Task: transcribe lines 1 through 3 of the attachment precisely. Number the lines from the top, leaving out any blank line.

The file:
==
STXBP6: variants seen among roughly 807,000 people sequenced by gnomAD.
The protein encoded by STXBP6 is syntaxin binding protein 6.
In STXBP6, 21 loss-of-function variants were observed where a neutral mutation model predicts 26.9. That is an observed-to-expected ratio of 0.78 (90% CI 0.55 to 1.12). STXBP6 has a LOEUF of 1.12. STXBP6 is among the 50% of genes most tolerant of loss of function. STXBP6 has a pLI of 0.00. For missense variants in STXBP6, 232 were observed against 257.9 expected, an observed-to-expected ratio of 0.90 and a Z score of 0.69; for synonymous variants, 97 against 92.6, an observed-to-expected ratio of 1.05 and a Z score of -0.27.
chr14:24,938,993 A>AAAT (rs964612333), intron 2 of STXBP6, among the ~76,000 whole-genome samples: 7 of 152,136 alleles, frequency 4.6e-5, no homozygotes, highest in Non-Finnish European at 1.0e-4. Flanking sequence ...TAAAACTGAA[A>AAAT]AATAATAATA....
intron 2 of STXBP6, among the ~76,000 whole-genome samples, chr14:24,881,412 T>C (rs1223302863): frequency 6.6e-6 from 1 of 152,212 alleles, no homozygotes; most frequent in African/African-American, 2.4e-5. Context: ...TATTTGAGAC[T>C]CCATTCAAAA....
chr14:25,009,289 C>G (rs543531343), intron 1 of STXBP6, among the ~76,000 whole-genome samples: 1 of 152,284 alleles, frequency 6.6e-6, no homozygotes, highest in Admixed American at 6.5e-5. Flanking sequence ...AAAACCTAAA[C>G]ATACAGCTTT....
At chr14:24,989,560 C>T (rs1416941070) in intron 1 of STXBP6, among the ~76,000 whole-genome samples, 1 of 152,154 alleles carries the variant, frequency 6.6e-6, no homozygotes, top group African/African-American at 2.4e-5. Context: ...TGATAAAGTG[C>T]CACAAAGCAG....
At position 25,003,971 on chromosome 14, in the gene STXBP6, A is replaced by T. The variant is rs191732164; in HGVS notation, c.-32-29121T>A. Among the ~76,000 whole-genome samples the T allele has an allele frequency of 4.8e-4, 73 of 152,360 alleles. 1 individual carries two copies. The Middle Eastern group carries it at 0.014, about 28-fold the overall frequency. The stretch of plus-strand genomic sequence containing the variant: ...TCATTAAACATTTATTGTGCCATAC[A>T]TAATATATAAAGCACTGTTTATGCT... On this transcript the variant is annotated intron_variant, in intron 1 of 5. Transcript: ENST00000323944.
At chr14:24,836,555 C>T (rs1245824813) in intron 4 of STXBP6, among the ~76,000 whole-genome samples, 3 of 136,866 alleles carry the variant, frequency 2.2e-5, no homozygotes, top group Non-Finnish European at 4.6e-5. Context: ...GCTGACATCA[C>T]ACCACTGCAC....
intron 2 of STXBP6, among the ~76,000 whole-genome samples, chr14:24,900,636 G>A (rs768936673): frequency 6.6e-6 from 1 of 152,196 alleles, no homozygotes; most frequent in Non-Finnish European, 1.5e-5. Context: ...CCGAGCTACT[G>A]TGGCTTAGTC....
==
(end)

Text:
STXBP6: variants seen among roughly 807,000 people sequenced by gnomAD.
The protein encoded by STXBP6 is syntaxin binding protein 6.
In STXBP6, 21 loss-of-function variants were observed where a neutral mutation model predicts 26.9. That is an observed-to-expected ratio of 0.78 (90% CI 0.55 to 1.12). STXBP6 has a LOEUF of 1.12. STXBP6 is among the 50% of genes most tolerant of loss of function. STXBP6 has a pLI of 0.00. For missense variants in STXBP6, 232 were observed against 257.9 expected, an observed-to-expected ratio of 0.90 and a Z score of 0.69; for synonymous variants, 97 against 92.6, an observed-to-expected ratio of 1.05 and a Z score of -0.27.